One of the most interesting parts of the collection is a section about relief work the IVSP took part in from 1944 until 1949 before and after the end of the Second World War. This section contains minutes and reports, but also contains some personal letters and photos. Most of the reports relate to Units 1 and 2, which went to Greece and Crete, and Units 4, 5 and 7, which went to Germany and the Netherlands.

IVSP Unit 4, taken just before leaving London
 
IVSP Unit 4 left London for the Netherlands in April 1945, and they were there for about three months before being moved into Brunswick, Germany, just a few miles from the border with the Russian zone of occupation. 

A report by Unit 4, July 1945

After several months working with Polish displaced persons awaiting repatriation, in September 1946 the unit was moved to northern Schleswig Holstein, not far from Denmark. Here the volunteers assisted in the coordination of refugees from former eastern German territories which had been ceded to Poland. Ethnic Germans had been expelled from these areas in huge numbers. They were assigned to the occupied zones in Germany, with around 1.5 million being assigned to the British zone. They were ordered to be billeted on the local population, in an attempt to quickly assimilate them, which did not work as there were simply too many people to accommodate.

In December 1946, the conditions reported by the IVSP team were poor. Huge numbers of displaced Germans had arrived, but there was simply nowhere for them to go, so most were living in camps. In the better camps the large rooms had been partitioned to allow each family a small room of their own, but in the worse ones five or six families would be sharing a room. There was no electric lighting as, although there was electricity, there were no lightbulbs. The roofs almost universally leaked, as there was no tar or felt to be found.

The Unit’s area was the northern part of the province, and they reported that in their initial survey of the district they had seen over 200 camps containing a total population of some 40,000 refugees. They were trying to help the refugees help themselves and “avoid falling into apathy and despair”, as they reported: “This is our aim in establishing camp workshops, where the refugees can make themselves pots and pans from old food tins and from scrap metal which we have scrounged from dumps and aerodromes. Old tyres are good for shoe repairing, bits of wood are turned into beds… Toys made from driftwood are being kept for Christmas…”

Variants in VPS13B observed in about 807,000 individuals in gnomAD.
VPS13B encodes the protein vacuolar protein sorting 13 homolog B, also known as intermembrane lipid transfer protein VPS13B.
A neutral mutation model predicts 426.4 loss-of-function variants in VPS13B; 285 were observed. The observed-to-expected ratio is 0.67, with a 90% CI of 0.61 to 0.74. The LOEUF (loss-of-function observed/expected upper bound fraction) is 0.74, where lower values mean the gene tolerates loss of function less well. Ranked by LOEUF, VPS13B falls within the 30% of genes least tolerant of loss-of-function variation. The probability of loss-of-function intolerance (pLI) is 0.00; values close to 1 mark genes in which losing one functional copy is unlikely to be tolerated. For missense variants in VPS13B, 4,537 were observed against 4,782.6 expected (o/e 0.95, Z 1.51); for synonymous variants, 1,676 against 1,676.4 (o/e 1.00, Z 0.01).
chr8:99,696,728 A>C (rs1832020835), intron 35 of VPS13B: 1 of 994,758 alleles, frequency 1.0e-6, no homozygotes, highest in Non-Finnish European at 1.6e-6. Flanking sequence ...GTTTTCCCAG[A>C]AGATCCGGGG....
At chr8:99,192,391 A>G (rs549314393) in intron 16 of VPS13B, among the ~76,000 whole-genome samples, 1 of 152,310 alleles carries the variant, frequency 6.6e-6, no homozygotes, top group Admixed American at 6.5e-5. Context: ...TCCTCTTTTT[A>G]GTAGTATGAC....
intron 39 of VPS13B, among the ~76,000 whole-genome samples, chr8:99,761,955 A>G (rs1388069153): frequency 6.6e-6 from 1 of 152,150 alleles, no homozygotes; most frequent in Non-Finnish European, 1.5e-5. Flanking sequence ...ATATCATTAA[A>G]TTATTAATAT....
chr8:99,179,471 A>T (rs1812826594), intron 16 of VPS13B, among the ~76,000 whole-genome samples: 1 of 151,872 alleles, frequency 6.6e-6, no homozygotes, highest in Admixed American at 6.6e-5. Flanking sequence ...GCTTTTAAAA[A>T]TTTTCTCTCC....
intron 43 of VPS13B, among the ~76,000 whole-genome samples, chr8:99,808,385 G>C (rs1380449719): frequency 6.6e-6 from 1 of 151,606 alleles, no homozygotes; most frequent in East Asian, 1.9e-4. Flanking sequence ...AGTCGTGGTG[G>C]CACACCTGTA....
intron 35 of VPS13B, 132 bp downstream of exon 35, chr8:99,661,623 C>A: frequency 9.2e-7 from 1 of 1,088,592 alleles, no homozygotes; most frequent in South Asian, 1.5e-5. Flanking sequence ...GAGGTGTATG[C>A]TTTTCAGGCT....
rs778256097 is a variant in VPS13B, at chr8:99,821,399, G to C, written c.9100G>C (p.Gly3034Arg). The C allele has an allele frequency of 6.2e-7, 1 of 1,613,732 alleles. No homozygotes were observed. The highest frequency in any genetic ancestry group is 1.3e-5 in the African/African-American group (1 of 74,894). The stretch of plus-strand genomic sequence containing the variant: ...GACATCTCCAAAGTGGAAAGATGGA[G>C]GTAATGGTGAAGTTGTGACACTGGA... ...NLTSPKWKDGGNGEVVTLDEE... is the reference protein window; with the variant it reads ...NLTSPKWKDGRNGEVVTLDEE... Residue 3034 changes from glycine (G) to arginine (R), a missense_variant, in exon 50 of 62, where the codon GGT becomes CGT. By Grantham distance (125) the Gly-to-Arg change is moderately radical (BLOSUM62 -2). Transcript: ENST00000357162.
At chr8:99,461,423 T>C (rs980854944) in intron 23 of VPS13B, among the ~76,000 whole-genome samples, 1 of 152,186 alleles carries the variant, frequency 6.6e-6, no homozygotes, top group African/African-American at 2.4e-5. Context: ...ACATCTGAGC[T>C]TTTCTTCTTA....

A few months later, in March 1947, conditions had deteriorated further. The winter had been cold – it was still snowing – and there was almost no fuel for heating the camps.

Food was also in short supply and the unit was trying to supplement the camp rations, as they reported, “With supplies obtained from Red Cross stores and sent by friends in England, we have been able to extend our child feeding schemes which are now in full swing in 91 out of our total of 185 camps. Our stocks will still only run to feeding ten out of every hundred children and the local doctor has considerable difficulty in selecting those most in need of extra nourishment. A hot drink provided every other day consists either of thick soup containing dried vegetables and meat extract, or of cocoa and dried milk, with margarine or jam to spread on their own bread ration, and in addition half a bar of chocolate or a Horlicks tablet on the alternating days.”

Despite the conditions, the unit members were still committed to IVSP values. The unit leader wrote, “I do not think we should consider our presence in Germany entirely justified if our job consisted solely of ministering to the material needs of the refugees. It has become obvious at our fortnightly International Discussion Group meetings that young Germans are tired of talking and are wanting something practical to do… Discussion Group meetings, for which we have secured speakers on subjects such as “A Comparison of the German and English Social Insurance Legislation”, “The Ideals of Youth” and “English and German Manners and Customs” are always packed to overflowing and there is no shyness or hesitation at expressing frank opinions.”

IVSP personnel in Germany, 1947

The work of unit 4 continued in Schleswig throughout 1947, as conditions continued to be difficult and food shortages carried on into 1948. The IVSP units were now making more progress beyond just relief. In the summer of 1948 they had started a pen-friend scheme for 14-22-year-olds, and there were 66 Germans corresponding with British young people. They reported back to headquarters, “More directly we help the German branch of Service Civil International… We have two very keen groups meeting weekly… and a third meeting occasionally… The group programmes are mainly concerned with the deepening of international understanding through the discussion of mutual problems, hearing guest speakers from other countries when such opportunities occur, and through international workcamps.”

By late 1948 it was clear that IVSP’s role in providing civilian relief had come to an end. Their ongoing projects were passed over to the West German branch of Service Civil International, which the units had helped to get on its feet, and the last IVSP team left the country in early 1949.